Having collected updates on where the above parameters stand, one can have a better understanding of why interest rates are at their current levels, as well as which direction they are expected to move in. If most of them indicate that a rise in interest rates is expected, bond prices are likely to fall in the future. On the contrary, an expectation of a fall in interest rates means bond prices will rise. A word of caution here though – timing interest rate changes is difficult. This is because there is a low likelihood of being able to precisely predict the movement in the factors discussed above. So in order to minimize interest rate risk, one should ensure that the bond portfolio is diversified across various maturities.

DAILY EQUITY UPDATE

Equity Update

17 Aug 2009

POST MARKET

The BSE Sensex closed lower by 626.71 points or (4.07%) at 14,784.92 and NSE Nifty ended down by 24.95 points at 4,580.05.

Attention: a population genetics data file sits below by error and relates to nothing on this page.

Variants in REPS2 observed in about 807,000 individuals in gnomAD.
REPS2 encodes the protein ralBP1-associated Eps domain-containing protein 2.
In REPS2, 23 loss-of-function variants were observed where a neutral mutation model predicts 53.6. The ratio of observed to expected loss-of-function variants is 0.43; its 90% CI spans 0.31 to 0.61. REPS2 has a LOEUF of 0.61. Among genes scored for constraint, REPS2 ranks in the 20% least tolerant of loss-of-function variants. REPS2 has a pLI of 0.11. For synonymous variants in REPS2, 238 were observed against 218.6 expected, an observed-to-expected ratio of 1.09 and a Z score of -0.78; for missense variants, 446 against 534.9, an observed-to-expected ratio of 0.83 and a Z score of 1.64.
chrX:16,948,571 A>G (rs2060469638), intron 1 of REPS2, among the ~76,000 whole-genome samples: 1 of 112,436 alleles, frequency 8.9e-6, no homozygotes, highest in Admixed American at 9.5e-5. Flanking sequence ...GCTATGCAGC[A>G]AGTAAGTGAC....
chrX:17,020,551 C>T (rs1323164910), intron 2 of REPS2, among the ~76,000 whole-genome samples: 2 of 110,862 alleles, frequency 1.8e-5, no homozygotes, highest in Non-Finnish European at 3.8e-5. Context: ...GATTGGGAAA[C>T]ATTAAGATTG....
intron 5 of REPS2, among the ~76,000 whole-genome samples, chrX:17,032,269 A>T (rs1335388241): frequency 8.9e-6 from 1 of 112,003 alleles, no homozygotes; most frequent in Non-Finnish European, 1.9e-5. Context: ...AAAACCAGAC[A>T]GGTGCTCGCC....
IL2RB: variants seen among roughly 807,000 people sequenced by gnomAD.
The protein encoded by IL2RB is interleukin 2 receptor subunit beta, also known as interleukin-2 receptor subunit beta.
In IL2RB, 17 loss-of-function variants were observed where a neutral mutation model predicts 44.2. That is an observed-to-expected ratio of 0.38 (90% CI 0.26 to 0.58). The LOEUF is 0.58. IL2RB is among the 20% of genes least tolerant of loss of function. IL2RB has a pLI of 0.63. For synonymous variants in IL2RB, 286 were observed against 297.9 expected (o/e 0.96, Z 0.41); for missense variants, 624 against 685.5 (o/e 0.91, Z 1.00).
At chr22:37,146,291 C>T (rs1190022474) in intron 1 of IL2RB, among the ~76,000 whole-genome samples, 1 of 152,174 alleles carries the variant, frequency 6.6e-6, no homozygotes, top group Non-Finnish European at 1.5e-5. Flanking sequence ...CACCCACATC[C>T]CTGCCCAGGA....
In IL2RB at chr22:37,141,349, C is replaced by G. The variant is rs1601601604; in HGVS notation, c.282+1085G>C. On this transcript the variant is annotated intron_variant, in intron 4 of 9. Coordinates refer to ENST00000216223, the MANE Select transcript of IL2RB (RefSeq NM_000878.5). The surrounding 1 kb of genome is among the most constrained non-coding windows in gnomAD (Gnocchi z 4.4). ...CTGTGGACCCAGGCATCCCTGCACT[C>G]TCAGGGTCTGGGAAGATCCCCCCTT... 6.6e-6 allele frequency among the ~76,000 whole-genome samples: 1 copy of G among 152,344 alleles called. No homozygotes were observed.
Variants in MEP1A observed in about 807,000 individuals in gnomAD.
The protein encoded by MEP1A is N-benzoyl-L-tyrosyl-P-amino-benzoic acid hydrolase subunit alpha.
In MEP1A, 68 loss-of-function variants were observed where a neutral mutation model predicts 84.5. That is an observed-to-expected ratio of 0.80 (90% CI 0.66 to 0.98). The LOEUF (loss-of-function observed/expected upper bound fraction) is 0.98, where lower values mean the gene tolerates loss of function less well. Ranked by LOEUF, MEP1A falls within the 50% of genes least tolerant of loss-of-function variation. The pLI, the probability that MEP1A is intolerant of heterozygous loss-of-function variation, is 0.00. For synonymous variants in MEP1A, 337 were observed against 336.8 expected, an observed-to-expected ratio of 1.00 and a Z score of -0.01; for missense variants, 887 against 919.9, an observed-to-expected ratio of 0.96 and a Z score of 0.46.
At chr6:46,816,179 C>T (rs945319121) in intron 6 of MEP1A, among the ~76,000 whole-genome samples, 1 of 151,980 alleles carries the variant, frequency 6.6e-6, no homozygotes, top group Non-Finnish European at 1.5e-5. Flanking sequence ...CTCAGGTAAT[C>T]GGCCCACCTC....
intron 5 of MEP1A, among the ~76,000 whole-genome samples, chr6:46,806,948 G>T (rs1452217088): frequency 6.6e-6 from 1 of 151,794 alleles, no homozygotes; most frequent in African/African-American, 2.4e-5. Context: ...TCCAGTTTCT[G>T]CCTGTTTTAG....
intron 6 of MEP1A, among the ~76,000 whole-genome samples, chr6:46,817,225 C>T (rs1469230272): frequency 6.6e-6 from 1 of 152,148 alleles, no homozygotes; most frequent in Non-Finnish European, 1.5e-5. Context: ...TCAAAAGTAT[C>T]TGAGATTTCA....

🙂

BSE Mid Caps and Small Caps closed with losses of 218.30 and 200.85 points at 5,385.51 and 6,211.71 respectively.

🙂

The BSE Sensex touched intraday high of 15,284.23 and intraday low of 14,740.63.

Among the Sensex pack all 30 stocks ended in red territory.

The market breadth indicating the overall health of the market remained negative as 1929 stocks closed in red while 674 stocks closed in green and 73 stocks remained unchanged in BSE.

🙂

The S&P CNX Nifty is down by 192.15 points or –4.20 % to 4387.90.

The NSE turnover was down Rs.15425.56 from last trading session’s Rs. 16421.25 crore.

NEWS UPDATES

-Six auto stocks fell on concerns the weak monsoon will slash spending in India’s agricultural regions.

-Fourteen metal stocks fell after LMEX, a gauge of six metals traded on the London Metal Exchange, fell 3.05% to 2,932.70 on 14 August 2009.

-Seven power sector shares fell on reports the power ministry is planning to cap the sale price of electricity sold in the open market if the projects claim tax benefits.

🙂

OUTLOOK

Market opened strongly in red & continued trading in negative zone throughout the day on the back of negative cues from the global indices.